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Latest from Sabrina Cupit

    Georgia Attorney General Chris Carr is sending out a warning about a scam targeting older, at-risk Georgians with a “Genetic Testing Scheme.”The Attorney General says he wants to raise awareness because the scam is now being reported all across the state. It involves offers for “free” genetic testing and Carr says it’s designed to exploit people’s healthcare concerns. “Unfortunately, victims taken in by this scheme are often providing sensitive personal information, including insurance and financial information, that could be misused in a number of ways,' says Carr.
  • More people are disconnecting their home Internet and just using their phones. USA Today reports 40% of Americans are using cell phone internet exclusively now for service. They’re finding that it works out fine. The cost of home internet service has gone up substantially over the years. WSB Consumer expert Clark Howard says, ' the reality is when you squeeze people too tight they slip right through your fingers.' He says by using your cell phone, you don’t have to worry about data overages. This is a great alternative to paying huge money to a cable monopoly for home internet service.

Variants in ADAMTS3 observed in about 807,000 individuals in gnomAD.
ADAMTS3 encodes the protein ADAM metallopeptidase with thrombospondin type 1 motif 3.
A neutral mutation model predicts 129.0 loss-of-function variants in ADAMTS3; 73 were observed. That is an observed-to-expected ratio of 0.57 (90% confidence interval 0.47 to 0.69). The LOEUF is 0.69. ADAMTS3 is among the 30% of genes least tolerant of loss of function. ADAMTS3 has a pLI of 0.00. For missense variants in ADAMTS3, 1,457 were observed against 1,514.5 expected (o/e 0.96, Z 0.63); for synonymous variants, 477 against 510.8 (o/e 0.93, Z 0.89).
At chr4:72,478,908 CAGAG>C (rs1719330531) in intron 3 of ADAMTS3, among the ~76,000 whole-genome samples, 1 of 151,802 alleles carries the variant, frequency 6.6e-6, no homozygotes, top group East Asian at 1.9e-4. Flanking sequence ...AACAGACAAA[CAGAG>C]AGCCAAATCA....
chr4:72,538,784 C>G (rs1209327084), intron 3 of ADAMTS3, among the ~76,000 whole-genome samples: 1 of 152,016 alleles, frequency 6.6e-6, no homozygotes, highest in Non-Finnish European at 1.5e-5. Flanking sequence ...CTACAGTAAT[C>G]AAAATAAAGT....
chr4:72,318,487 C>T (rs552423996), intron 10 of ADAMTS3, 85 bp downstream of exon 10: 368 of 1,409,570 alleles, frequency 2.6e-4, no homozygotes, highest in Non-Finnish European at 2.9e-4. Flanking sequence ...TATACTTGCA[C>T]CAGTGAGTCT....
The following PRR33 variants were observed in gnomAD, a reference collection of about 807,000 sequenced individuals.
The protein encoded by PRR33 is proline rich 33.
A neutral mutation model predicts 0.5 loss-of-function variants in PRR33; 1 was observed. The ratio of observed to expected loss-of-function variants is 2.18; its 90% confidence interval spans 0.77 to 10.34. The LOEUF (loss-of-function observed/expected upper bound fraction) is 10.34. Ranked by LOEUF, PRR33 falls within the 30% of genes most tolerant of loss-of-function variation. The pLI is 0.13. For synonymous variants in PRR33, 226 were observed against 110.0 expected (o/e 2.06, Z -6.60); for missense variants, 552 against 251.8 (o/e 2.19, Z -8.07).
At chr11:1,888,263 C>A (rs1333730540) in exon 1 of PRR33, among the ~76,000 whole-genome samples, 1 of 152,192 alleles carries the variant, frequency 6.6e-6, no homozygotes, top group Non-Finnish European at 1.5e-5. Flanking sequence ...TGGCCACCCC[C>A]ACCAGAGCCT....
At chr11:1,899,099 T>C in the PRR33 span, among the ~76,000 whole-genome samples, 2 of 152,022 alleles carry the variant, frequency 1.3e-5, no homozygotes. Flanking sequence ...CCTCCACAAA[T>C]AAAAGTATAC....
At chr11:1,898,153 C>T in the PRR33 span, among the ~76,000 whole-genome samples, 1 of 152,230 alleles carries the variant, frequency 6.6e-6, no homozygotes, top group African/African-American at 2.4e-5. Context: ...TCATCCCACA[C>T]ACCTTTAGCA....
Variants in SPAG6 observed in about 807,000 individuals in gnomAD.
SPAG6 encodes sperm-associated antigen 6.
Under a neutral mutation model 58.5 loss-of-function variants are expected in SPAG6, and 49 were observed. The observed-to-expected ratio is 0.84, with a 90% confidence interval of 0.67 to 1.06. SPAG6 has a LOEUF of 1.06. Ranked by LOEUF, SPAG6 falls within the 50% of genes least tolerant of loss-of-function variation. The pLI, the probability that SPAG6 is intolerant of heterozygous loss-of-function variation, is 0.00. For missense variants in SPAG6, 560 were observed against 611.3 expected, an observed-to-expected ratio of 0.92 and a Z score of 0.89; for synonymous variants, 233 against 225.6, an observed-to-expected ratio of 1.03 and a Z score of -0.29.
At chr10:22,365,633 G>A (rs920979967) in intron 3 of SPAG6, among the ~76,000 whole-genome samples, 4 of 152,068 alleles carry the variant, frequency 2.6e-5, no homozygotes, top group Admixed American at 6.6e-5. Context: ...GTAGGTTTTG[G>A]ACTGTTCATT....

• Georgia Tech researchers warn hackers have the ability to gridlock entire cities, like Atlanta by hacking into your car’s computer. The researcher has applied physics in a new study to simulate what it would take for hackers to wreak havoc by randomly stranding cars. They found it wouldn't take much to cause mass mayhem. “Unlike most of the data breaches we hear about, hacked cars have physical consequences,” said Peter Yunker, who co-led the study and is an assistant professor in Georgia Tech’s School of Physics.
  • Subscription contact lens company Hubble is facing scrutiny from doctors and the contact lens industry as a whole. >>LISTEN BELOW TO WSB’s CLARK HOWARD EXPLAIN WHY HE FEELS THE CONTACT LENS INDUSTRY IS ‘IN TERROR.’ The start-up company promises to revolutionize eye care, and has taken social media by storm offering dirt cheap lenses. Hubble offers contact lenses at a tiny fraction of the cost of other lenses.  Ophthalmologists and optometrists say they have seen several patients with eye problems after using Hubble and have criticized the company for switching people from their prescribed lenses to a completely different brand. However, the company says their business is completely legal and that they have spent years researching their product to produce high-quality contact lenses. They require their consumers to have prescriptions before subscribing to their services.  WSB consumer expert Clark Howard is accusing the entire contact lens industry of price fixing. 'The doctor you go to for a contact lens fitting makes the big income not from the exam and fitting, but on selling you massively overpriced contact lens boxes,” he explains, adding, “The industry is in terror because they saw what ‘Dollar Shave Club’ did to Gillette.